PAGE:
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Karyotypes and Sex-Linked Traits

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1 Karyotypes and Sex-Linked Traits

2 Karyotype Karyotype – a picture of chromosomes
Autosomes: the first 22 homologous pairs of chromosomes. Autosomes are the same for both males and females.  Sex chromosomes: determines the sex of the individual. The sex chromosomes are the 23rd pair of chromosomes. 

3 Male of Female? Female: XX Male: XY

4 Determining Gender Which parent determines the sex of an offspring – DAD Why? All moms have the genotype XX. When egg cells are made, they will all carry a single X chromosome. All dads have the genotype XY. When sperm cells are made, 50% will have an X chromosome and 50% will have a Y chromosome. Therefore, males and females are born in roughly a 50:50 ratio

5 Diagnosing Disorders from Karyotypes
Some disorders can be diagnosed by looking at a person’s karyotype Most are caused by nondisjuction during meiosis Nondisjunction – failure of chromosomes to separate during meiosis Disorders: Down Syndrome (Trisomy 21) – individual has 3 of the 21st chromosome instead of 2 Turner Syndrome – female has only one X for her sex chromosome Klinefelter’s Syndrome – male has or more extra X chromosome Autosomal Sex-Linked

6 Sex-Linked Traits SEX-LINKED TRAITS: those traits that are controlled by genes on the X or Y chromosomes. Most sex-linked traits are on the X chromosome. The Y chromosome is much smaller than the X chromosome and only contains a few genes. Ex: Hemophelia Colorblindness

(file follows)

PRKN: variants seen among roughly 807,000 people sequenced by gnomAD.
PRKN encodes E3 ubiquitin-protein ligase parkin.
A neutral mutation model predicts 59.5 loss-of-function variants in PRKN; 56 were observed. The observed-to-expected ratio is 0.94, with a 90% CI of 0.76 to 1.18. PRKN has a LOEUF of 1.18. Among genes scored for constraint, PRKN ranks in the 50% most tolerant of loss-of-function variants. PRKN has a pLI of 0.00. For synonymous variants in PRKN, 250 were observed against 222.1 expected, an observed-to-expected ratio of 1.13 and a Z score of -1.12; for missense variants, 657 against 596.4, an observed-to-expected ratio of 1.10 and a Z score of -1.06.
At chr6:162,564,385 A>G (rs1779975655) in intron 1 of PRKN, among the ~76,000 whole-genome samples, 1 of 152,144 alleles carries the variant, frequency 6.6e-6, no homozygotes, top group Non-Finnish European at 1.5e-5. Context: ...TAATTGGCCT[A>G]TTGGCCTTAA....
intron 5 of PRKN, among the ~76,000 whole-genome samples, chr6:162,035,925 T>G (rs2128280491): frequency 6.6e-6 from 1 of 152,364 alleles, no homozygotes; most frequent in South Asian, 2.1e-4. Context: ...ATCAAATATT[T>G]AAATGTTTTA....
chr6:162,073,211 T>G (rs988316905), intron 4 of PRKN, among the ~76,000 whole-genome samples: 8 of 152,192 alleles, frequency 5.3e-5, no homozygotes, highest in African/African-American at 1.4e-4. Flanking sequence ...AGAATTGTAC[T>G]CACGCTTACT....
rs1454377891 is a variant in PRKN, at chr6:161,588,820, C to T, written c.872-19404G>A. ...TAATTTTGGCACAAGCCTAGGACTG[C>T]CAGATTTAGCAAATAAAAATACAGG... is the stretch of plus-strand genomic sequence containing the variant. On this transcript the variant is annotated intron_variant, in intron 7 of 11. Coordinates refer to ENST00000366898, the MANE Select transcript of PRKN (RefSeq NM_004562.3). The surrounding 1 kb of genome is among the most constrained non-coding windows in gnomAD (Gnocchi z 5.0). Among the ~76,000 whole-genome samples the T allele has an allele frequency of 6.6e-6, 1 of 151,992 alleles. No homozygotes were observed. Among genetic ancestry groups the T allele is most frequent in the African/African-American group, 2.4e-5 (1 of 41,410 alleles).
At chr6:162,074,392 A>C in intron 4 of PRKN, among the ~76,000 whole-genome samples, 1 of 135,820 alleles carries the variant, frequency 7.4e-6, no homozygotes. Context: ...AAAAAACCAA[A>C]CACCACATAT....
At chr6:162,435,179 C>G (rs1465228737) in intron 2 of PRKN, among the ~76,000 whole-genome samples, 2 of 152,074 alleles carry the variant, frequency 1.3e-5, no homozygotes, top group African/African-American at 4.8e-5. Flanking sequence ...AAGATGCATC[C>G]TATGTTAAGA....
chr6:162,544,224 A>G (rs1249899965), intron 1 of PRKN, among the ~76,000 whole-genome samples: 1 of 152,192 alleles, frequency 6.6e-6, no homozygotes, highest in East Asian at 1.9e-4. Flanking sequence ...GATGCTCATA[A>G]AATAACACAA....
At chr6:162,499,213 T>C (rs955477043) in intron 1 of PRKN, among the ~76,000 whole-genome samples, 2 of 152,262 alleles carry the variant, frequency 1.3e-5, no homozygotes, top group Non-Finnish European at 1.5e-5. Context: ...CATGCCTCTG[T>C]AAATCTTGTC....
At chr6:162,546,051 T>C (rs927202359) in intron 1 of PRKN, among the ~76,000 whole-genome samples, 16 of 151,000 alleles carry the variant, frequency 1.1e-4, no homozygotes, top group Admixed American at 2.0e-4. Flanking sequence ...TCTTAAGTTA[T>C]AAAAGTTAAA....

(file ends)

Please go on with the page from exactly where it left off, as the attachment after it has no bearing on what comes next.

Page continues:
7 Example In humans, hemophilia is a sex-linked trait.  Having hemophilia is recessive (XH) to being normal (X). The heterozygous female is called a carrier.  Cross a carrier female with a normal male. XHX x XY Genotype Ratio: Phenotype Ratio: XH X Y

8 Example Cross a carrier female with a male with hemophilia. XHX x XHY
Genotype Ratio: Phenotype Ratio: XH X Y

9 Example In humans, red-green colorblindness is a sex-linked trait.  People with red-green colorblindness can not tell the difference between red and green.  Colorblindness is the result of a recessive allele. Cross a female with colorblindness with a male with normal vision. XCXC x XY Genotype Ratio: Phenotype Ratio: XC X Y

10 Why are sex-linked traits more common in males than in females?
Because a male only has to inherit ONE recessive allele in order to get a sex-linked trait and a female has to inherit TWO recessive alleles in order to acquire the sex-linked trait.  It is easier to inherit one recessive allele than two. If the female only inherits one recessive allele, then they are a carrier but have the normal phenotype. X’s are dominant to Y’s. If female gets a “bad” from one parent, she could still get a “good” X, and become a carrier (has the trait but isn’t expressed). The only way for the female to express the trait is to inherit two “bad” X’s. If a male gets a “bad” X, the only other sex chromosome is a Y. The “bad” X is dominant to the Y, therefore, the male will express the trait.

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